16:198:546 - Computer System Security
- Course Number: 16:198:546
- Course Type: Graduate
- Semester 1: Fall
- Credits: 3
This course will cover both classic, foundational topics in computer security as well as recent developments. A key goal of the course will be to educate students to think both as an attacker and as a defender. The focus of the course will be security of computer systems, and will complement CS537, which focuses on distributed systems security.
- M.S. Course Category: Systems/Networks
- Category: B (M.S.), B (Ph.D.)
Overview. basic principles of secure system design. Distinction between security policy and mechanism. Confidentiality, Integrity, Availability.
Core concepts. Authentication, Authorization. Isolation. Reference monitors. Intrusion Detection sysetems and firewalls. Sandboxes. Attacks. Denial of service and defenses. Malware, including viruses, worms, botnets and spyware. Discussion of popular Viruses, worms, and bots such as Slammer, Code Red, and Storm. Malware detection and fingerprinting. Web-based attacks: Cross-site scripting and cross-site request forgery. Phishing defenses. Basic of static and dynamic program analysis. Memory errors and exploits. Analysis techniques to detect and fix vulnerbilities. Improving Web application and Web Browser security security. Vurtual machine introspection-based defenses. Applications. Security of mobile devices. Security and privacy for cloud-based applications.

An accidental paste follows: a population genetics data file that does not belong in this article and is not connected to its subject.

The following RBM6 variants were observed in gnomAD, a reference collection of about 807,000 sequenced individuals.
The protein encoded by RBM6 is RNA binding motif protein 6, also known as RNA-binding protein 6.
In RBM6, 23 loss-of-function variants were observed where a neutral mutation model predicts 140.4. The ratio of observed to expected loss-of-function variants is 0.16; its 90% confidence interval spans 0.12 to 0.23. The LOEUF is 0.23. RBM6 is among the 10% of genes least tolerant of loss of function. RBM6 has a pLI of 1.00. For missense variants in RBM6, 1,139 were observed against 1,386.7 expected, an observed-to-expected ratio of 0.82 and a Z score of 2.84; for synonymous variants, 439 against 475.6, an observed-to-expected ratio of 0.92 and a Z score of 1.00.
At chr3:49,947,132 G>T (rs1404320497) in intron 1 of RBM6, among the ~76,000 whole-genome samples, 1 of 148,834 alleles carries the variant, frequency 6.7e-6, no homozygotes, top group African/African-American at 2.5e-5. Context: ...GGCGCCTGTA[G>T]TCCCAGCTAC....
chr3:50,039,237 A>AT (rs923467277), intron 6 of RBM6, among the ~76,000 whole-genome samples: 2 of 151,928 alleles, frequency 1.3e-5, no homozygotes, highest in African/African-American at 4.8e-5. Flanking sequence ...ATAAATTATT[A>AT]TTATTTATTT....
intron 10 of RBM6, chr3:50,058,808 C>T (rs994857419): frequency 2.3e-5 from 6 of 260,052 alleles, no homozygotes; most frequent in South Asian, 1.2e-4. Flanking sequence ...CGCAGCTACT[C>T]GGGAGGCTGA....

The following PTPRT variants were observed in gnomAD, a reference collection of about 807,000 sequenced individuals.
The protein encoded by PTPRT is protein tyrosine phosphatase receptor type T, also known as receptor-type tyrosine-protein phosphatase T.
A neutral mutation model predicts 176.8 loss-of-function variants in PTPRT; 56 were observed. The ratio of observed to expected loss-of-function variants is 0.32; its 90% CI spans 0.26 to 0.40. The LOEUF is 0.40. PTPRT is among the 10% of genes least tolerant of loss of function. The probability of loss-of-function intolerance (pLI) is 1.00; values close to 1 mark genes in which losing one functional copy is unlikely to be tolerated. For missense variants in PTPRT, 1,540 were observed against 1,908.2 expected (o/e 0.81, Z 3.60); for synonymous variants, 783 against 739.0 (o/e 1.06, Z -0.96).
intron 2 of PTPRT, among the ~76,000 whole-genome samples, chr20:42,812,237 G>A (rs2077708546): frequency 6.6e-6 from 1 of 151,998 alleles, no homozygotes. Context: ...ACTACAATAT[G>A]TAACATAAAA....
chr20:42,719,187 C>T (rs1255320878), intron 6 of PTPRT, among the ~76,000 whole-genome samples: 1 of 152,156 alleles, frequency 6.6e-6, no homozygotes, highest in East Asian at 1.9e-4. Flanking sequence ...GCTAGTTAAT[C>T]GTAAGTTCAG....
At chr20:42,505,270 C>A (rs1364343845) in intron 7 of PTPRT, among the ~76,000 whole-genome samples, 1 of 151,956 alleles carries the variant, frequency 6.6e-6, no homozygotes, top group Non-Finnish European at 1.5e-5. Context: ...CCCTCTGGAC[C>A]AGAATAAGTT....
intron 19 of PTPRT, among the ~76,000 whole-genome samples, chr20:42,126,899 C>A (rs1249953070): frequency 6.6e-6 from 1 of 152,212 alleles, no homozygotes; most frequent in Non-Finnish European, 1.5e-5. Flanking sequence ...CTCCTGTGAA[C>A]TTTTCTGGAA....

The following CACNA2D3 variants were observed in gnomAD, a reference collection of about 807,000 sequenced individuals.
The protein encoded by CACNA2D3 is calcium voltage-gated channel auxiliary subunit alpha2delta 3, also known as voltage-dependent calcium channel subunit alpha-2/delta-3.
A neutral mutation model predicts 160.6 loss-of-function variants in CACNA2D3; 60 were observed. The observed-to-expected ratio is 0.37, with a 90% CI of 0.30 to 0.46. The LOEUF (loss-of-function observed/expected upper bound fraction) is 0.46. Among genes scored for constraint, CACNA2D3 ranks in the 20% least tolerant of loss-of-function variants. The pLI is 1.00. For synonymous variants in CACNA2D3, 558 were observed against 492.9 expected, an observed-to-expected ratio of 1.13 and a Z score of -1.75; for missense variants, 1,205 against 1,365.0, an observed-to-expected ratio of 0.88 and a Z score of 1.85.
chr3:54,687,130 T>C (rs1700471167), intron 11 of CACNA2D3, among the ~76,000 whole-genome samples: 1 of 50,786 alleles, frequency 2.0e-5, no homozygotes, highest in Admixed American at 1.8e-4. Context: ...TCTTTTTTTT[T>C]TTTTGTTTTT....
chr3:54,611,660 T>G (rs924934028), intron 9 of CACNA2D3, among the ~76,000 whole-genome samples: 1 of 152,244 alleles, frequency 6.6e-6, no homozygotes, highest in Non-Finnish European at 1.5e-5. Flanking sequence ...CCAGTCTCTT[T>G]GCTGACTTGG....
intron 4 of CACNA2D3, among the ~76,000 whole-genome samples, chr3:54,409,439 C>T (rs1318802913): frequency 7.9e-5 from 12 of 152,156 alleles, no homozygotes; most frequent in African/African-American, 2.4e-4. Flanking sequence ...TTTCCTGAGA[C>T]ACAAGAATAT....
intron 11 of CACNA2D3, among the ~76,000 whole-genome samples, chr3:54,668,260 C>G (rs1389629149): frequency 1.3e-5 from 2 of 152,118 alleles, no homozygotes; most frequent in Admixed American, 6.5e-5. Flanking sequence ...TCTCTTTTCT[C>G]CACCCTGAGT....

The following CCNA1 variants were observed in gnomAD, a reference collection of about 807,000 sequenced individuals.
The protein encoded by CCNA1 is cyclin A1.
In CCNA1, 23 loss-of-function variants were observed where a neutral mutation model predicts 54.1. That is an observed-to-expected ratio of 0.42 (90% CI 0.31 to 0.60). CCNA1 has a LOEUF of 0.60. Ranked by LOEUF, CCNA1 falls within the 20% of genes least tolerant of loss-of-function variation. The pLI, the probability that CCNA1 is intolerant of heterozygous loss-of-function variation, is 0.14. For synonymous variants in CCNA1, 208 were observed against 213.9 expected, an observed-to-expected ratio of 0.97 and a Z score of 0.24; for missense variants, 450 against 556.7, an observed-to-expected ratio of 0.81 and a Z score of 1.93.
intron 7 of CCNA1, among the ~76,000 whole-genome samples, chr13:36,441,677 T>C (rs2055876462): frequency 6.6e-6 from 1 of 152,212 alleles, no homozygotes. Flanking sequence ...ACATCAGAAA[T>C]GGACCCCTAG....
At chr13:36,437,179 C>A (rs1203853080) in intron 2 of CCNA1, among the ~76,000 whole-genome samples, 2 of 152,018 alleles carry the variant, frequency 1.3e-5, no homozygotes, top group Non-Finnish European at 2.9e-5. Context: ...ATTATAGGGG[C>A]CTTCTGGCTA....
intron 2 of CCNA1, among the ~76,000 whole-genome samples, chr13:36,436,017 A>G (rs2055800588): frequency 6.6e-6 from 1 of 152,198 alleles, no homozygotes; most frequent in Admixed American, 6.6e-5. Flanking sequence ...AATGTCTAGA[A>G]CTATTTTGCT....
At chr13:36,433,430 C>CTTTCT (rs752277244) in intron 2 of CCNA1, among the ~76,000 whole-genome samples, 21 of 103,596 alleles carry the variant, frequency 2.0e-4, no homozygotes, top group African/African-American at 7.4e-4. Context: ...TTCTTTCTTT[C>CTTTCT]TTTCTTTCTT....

Computer Security: Art and Science, by Matt Bishop; Security in Computing, by Charles P Pfleeger and Shari L. Pfleeger; Applied Cryptography, by Bruce Schneier; Network Security and Cryptography 4/e, by William Stallings; Network Security: Private Communication in a Public World, by Charlie Kaufman, Radia Perlman and Mike Speciner.
- Expected Work: Because this is a graduate-level course, the research project will constitute a large fraction of the grade in the course. The project will be a semester-long activity, and will proceed in several stages, including a formal project proposal, periodic checkpoints, a mini-symposium where students present their research results, and a final conference-paper style project report. Students will be graded on the novelty of their projects and the quality of their project reports and presentations.The course will also have a homework assignment which will involve students in a hacking exercise, where they exploit vulnerable programs. The goal of this assignment is for the students to develop the skills to think like attackers.
- Exams: Mid-term and final exams
- Learning Goals:
Basic principles of secure system design. Distinction between security policy and mechanism. Confidentiality, Integrity, Availability.